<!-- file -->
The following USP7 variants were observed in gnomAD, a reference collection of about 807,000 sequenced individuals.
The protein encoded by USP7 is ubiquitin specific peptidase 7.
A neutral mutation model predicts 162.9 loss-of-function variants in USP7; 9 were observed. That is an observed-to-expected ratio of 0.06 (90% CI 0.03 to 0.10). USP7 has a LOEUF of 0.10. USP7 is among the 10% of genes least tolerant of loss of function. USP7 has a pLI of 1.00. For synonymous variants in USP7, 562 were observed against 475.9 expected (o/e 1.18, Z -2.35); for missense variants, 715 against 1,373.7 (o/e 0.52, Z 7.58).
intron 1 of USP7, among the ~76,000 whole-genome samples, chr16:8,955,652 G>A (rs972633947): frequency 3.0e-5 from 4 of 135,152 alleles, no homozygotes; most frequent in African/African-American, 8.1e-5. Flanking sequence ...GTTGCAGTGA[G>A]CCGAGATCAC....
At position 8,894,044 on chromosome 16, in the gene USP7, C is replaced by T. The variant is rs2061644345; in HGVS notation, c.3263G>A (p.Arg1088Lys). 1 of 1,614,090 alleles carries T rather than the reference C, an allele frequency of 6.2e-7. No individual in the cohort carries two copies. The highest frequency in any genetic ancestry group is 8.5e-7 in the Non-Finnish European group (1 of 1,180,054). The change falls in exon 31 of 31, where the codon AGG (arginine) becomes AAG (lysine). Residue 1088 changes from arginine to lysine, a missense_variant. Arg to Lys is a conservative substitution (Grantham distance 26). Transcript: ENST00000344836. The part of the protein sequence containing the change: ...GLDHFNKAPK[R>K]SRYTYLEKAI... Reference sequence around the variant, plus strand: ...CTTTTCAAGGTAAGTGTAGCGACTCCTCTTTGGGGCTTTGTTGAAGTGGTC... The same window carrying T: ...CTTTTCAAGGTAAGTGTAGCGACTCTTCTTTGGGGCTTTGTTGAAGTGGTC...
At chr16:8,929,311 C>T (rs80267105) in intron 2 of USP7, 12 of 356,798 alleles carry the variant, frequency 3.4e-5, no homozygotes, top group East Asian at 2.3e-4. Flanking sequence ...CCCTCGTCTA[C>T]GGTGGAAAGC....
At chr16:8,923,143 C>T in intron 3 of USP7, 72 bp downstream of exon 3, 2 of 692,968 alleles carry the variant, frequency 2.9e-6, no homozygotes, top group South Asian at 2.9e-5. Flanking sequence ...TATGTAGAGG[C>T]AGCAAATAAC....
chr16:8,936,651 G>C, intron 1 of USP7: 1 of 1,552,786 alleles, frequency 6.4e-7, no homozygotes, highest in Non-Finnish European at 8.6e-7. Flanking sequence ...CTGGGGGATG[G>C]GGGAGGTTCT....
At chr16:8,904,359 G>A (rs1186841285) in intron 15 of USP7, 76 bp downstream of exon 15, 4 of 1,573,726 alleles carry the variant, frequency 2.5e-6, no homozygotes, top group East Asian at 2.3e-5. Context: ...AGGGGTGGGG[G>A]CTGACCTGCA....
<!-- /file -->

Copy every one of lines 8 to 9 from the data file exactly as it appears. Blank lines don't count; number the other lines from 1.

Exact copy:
chr16:8,936,651 G>C, intron 1 of USP7: 1 of 1,552,786 alleles, frequency 6.4e-7, no homozygotes, highest in Non-Finnish European at 8.6e-7. Flanking sequence ...CTGGGGGATG[G>C]GGGAGGTTCT....
At chr16:8,904,359 G>A (rs1186841285) in intron 15 of USP7, 76 bp downstream of exon 15, 4 of 1,573,726 alleles carry the variant, frequency 2.5e-6, no homozygotes, top group East Asian at 2.3e-5. Context: ...AGGGGTGGGG[G>A]CTGACCTGCA....